COOPER: All right. Arlette Saenz, appreciate it.
You just heard about Vice President Pence's plans to take part in next week's debate with Kamala Harris. He also plans to keep his campaign plans intact for now even as the president remains hospitalized. The question is, is that the wisest course especially with the national security implications at stake?
Joining me now is Juliette Kayyem, CNN national security analyst, former assistant secretary at the Department of Homeland Security.
So according to the AP and "The New York Times" the president's chief of staff, Juliette, said, quote, "The president's vitals over the last 24 hours are very concerning. The next 48 hours will be critical.' He's now said tonight that his oxygen levels had dropped quickly on Friday, which is what moved them -- and he had a fever which is why he went to the hospital.
Does it make sense that the vice president would continue to campaign just given the president's condition?
JULIETTE KAYYEM, CNN NATIONAL SECURITY ANALYST: Absolutely not. I think I would put it how is Pence planning on campaigning?
Pence may be the vice president, but the office of the vice presidency does not belong to Pence. There's a constitutional structure in the event of an emergency. We want to protect the succession line. We want to ensure that we have a government that's functioning. We want to make sure that our enemies and allies know that we can function.
So the kind of rallies that Mike Pence is envisioning are a bad idea. Now I will be honest with you. If just from the science, if Mike Pence continues to be tested and it's negative, he can have the responsible outreach, mask, meeting with people that you see from Biden. But the rallies he's envisioning -- I mean, honestly, like I don't know what world they're living in anymore.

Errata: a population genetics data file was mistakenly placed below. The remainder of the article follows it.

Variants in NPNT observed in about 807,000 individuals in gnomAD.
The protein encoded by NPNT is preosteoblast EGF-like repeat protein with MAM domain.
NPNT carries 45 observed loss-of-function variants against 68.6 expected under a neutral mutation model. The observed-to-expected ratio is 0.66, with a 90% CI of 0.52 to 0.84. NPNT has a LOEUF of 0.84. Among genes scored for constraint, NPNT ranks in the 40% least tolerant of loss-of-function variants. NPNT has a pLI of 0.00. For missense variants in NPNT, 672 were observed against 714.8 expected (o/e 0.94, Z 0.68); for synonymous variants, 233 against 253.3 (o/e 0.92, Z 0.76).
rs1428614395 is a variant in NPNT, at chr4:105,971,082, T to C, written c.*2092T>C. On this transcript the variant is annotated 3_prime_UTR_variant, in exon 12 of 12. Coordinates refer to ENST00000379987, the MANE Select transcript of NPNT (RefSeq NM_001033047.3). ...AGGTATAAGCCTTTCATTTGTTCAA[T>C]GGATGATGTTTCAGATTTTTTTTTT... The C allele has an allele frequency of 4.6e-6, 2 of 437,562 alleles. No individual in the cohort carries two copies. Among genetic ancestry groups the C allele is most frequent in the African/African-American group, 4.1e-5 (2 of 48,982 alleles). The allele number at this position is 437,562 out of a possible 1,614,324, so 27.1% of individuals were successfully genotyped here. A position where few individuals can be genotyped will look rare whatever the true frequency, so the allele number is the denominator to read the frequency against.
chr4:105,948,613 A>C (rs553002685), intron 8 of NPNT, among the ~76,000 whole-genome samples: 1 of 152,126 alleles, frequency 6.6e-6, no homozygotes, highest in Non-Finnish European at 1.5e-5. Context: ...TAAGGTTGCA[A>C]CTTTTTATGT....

COOPER: If the vice president could be called upon at any moment to step in the shoes of the presidency just logistically, I mean, I guess he can do that no matter where he is in the country?
KAYYEM: Right. So a part of it is of course he can step in, let's say Trump took a dramatic turn, right? The worst turn, absolutely. We know that's happened in the past, unfortunately. But let's just put this in context because one of the good things about a pandemic is that we actually know it's happening. Right? It's not an assassination attempt on a president. It's not a heart attack. We are in a global pandemic.
The United States is likely to hit, as you just had in your previous segment, 400,000 dead by the end of the year. Our economy is in shambles. Our kids are home. Our schools are closed. We are not on a trajectory upwards. It continues to be contagious. We don't have mandatory masking. We don't have a vaccine. Under those circumstances, should the vice president be having public rallies that may make him sick and may make others sick?
And I think the answer is obvious to anyone who is responsible not for campaigning or retaining their seat as vice president, but someone who took seriously their role in the constitutional structure. So I want Mike Pence to remain healthy. Whatever happens to Donald Trump, we want our vice president to be healthy because a huge part of his job is obviously to be ready.
KAYYEM: And we have a president in the United -- you know, we have a president in the hospital. That doesn't happen very often.
COOPER: Yes, you know, I mean, as a national security person, it's really interesting to me because you think about the security of the president and obviously that is paramount and that's why there is a Secret Service and, you know, people are -- going through metal detectors. It seems like this was a -- you know, there is physical security and then there is also medical security.
COOPER: And the president was left extremely vulnerable by everybody around him who allowed him to be reckless and, you know, Secret Service is responsible for testing and all that.
KAYYEM: Yes. The Secret Service.
COOPER: I mean, whether or not they had a choice, I don't know. But people were coming and going and not being --
COOPER: I mean, the testing is not reliable enough to have that be the arbiter. They should have been wearing masks, they should have been social distancing.